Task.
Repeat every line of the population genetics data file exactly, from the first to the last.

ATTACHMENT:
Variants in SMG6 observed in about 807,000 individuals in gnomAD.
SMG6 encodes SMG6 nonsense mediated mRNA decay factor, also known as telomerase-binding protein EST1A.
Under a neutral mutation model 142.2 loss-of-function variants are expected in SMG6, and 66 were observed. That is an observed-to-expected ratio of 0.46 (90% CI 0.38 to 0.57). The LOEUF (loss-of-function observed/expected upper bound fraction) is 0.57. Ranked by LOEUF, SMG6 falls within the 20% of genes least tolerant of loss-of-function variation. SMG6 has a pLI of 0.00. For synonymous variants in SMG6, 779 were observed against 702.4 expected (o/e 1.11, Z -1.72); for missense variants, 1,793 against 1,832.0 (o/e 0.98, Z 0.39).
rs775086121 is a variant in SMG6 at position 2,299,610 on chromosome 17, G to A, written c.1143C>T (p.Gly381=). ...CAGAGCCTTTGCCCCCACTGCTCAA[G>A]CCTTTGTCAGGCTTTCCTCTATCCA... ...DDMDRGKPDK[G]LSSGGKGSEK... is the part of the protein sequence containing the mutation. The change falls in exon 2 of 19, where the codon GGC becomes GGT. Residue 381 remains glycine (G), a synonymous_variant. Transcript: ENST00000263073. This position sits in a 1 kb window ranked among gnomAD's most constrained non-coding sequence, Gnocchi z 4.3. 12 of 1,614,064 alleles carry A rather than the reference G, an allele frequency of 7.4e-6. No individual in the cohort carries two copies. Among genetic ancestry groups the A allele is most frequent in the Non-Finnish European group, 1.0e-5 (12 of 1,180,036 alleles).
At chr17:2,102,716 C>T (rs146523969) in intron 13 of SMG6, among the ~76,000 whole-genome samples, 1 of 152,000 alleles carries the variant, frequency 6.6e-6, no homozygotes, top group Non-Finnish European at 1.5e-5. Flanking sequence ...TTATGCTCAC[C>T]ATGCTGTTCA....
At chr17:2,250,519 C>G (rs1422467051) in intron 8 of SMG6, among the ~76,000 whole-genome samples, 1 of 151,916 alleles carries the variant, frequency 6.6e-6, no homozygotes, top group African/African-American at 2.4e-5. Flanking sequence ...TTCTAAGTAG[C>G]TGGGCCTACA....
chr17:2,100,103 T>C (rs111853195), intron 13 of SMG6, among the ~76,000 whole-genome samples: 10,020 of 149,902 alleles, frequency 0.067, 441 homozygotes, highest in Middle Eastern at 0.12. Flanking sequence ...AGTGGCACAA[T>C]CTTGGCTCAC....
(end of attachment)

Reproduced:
Variants in SMG6 observed in about 807,000 individuals in gnomAD.
SMG6 encodes SMG6 nonsense mediated mRNA decay factor, also known as telomerase-binding protein EST1A.
Under a neutral mutation model 142.2 loss-of-function variants are expected in SMG6, and 66 were observed. That is an observed-to-expected ratio of 0.46 (90% CI 0.38 to 0.57). The LOEUF (loss-of-function observed/expected upper bound fraction) is 0.57. Ranked by LOEUF, SMG6 falls within the 20% of genes least tolerant of loss-of-function variation. SMG6 has a pLI of 0.00. For synonymous variants in SMG6, 779 were observed against 702.4 expected (o/e 1.11, Z -1.72); for missense variants, 1,793 against 1,832.0 (o/e 0.98, Z 0.39).
rs775086121 is a variant in SMG6 at position 2,299,610 on chromosome 17, G to A, written c.1143C>T (p.Gly381=). ...CAGAGCCTTTGCCCCCACTGCTCAA[G>A]CCTTTGTCAGGCTTTCCTCTATCCA... ...DDMDRGKPDK[G]LSSGGKGSEK... is the part of the protein sequence containing the mutation. The change falls in exon 2 of 19, where the codon GGC becomes GGT. Residue 381 remains glycine (G), a synonymous_variant. Transcript: ENST00000263073. This position sits in a 1 kb window ranked among gnomAD's most constrained non-coding sequence, Gnocchi z 4.3. 12 of 1,614,064 alleles carry A rather than the reference G, an allele frequency of 7.4e-6. No individual in the cohort carries two copies. Among genetic ancestry groups the A allele is most frequent in the Non-Finnish European group, 1.0e-5 (12 of 1,180,036 alleles).
At chr17:2,102,716 C>T (rs146523969) in intron 13 of SMG6, among the ~76,000 whole-genome samples, 1 of 152,000 alleles carries the variant, frequency 6.6e-6, no homozygotes, top group Non-Finnish European at 1.5e-5. Flanking sequence ...TTATGCTCAC[C>T]ATGCTGTTCA....
At chr17:2,250,519 C>G (rs1422467051) in intron 8 of SMG6, among the ~76,000 whole-genome samples, 1 of 151,916 alleles carries the variant, frequency 6.6e-6, no homozygotes, top group African/African-American at 2.4e-5. Flanking sequence ...TTCTAAGTAG[C>G]TGGGCCTACA....
chr17:2,100,103 T>C (rs111853195), intron 13 of SMG6, among the ~76,000 whole-genome samples: 10,020 of 149,902 alleles, frequency 0.067, 441 homozygotes, highest in Middle Eastern at 0.12. Flanking sequence ...AGTGGCACAA[T>C]CTTGGCTCAC....